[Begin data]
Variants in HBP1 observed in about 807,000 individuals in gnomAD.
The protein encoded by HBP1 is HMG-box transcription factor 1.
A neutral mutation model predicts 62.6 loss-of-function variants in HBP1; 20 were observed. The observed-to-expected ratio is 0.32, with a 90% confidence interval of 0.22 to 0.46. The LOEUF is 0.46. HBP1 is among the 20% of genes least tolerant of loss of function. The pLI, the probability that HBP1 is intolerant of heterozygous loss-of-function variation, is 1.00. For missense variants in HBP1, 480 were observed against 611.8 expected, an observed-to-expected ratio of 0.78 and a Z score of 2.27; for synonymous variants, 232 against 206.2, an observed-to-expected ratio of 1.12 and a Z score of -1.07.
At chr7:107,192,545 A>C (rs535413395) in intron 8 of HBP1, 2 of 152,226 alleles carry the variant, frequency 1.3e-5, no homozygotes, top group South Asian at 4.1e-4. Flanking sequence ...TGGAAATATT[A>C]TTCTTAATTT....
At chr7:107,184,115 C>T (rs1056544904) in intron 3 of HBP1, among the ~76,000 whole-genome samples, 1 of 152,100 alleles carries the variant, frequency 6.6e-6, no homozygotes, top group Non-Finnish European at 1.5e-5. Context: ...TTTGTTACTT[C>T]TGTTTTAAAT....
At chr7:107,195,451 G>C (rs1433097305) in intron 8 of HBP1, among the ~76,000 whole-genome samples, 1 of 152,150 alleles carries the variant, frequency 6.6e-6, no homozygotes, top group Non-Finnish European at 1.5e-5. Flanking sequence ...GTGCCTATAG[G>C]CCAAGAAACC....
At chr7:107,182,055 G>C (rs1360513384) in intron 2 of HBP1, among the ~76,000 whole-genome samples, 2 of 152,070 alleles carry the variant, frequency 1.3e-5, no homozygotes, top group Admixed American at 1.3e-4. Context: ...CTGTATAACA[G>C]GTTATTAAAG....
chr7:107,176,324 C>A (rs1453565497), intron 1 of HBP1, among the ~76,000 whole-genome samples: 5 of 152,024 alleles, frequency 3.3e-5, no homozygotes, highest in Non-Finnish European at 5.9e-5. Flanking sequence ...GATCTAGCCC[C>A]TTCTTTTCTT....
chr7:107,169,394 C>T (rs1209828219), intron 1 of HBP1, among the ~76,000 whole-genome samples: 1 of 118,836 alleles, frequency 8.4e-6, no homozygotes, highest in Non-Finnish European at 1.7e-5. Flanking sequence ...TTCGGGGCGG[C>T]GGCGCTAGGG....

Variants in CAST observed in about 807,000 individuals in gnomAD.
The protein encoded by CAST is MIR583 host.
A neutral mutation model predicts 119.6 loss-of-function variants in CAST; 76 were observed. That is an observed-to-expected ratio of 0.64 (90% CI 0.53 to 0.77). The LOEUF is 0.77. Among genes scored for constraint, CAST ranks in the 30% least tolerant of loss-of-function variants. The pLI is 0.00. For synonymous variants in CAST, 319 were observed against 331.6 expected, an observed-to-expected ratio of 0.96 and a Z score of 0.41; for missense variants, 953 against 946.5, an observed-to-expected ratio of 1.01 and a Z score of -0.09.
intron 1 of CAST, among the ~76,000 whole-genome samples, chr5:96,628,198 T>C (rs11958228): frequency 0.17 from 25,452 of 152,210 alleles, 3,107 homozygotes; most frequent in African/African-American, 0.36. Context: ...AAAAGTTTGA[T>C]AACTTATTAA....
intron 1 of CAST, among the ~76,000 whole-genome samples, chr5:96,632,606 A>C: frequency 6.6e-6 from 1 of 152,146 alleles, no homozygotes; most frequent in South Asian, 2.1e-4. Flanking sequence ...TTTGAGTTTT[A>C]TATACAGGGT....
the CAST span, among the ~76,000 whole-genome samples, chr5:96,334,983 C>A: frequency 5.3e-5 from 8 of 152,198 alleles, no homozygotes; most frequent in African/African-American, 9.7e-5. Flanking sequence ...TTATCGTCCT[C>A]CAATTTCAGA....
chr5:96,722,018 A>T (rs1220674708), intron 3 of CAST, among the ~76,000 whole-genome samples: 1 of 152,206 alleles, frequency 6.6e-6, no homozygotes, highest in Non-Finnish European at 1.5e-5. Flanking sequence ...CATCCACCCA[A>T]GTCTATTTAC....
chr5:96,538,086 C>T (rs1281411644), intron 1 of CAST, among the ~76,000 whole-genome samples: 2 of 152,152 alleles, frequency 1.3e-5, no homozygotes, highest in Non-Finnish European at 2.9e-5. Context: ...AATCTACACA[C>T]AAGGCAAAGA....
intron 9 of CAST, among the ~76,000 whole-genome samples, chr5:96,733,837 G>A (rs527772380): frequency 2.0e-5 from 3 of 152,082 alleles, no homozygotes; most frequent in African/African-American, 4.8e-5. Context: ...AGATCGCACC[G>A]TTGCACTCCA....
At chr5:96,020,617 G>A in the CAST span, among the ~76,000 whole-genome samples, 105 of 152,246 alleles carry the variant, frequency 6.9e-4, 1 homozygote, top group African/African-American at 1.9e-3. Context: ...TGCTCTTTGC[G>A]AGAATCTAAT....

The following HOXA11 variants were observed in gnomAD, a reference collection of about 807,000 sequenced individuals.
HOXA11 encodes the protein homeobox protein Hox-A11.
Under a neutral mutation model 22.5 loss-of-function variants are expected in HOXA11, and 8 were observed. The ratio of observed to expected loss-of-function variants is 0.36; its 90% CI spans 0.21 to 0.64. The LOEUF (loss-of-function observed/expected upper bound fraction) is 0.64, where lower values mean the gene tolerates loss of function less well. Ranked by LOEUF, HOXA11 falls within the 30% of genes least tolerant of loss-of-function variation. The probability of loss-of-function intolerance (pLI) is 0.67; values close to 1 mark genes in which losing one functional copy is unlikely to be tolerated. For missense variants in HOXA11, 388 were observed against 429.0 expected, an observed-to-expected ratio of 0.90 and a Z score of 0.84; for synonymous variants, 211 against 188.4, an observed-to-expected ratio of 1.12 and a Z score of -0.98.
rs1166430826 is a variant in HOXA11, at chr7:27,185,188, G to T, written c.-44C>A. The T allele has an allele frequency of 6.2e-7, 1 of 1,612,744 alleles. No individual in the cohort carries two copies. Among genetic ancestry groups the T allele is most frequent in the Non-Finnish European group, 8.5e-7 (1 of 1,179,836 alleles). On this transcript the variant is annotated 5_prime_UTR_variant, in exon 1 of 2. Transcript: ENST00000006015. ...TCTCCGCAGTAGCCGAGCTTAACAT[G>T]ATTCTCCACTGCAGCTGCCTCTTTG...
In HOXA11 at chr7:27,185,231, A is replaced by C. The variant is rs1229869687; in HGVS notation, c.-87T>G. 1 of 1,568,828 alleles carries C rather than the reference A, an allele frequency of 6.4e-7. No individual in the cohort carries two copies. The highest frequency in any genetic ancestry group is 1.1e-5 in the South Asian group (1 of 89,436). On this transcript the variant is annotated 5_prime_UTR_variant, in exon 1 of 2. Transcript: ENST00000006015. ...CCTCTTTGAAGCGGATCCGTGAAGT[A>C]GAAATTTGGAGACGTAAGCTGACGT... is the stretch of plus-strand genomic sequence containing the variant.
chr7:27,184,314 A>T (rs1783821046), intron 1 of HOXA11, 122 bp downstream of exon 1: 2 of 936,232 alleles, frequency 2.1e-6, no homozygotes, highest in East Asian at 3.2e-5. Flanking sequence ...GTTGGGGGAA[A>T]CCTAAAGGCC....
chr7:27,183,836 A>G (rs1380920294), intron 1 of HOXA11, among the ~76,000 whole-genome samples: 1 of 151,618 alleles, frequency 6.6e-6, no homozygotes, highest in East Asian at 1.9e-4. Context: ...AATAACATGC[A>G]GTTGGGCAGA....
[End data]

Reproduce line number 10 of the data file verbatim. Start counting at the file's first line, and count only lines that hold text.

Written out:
Variants in CAST observed in about 807,000 individuals in gnomAD.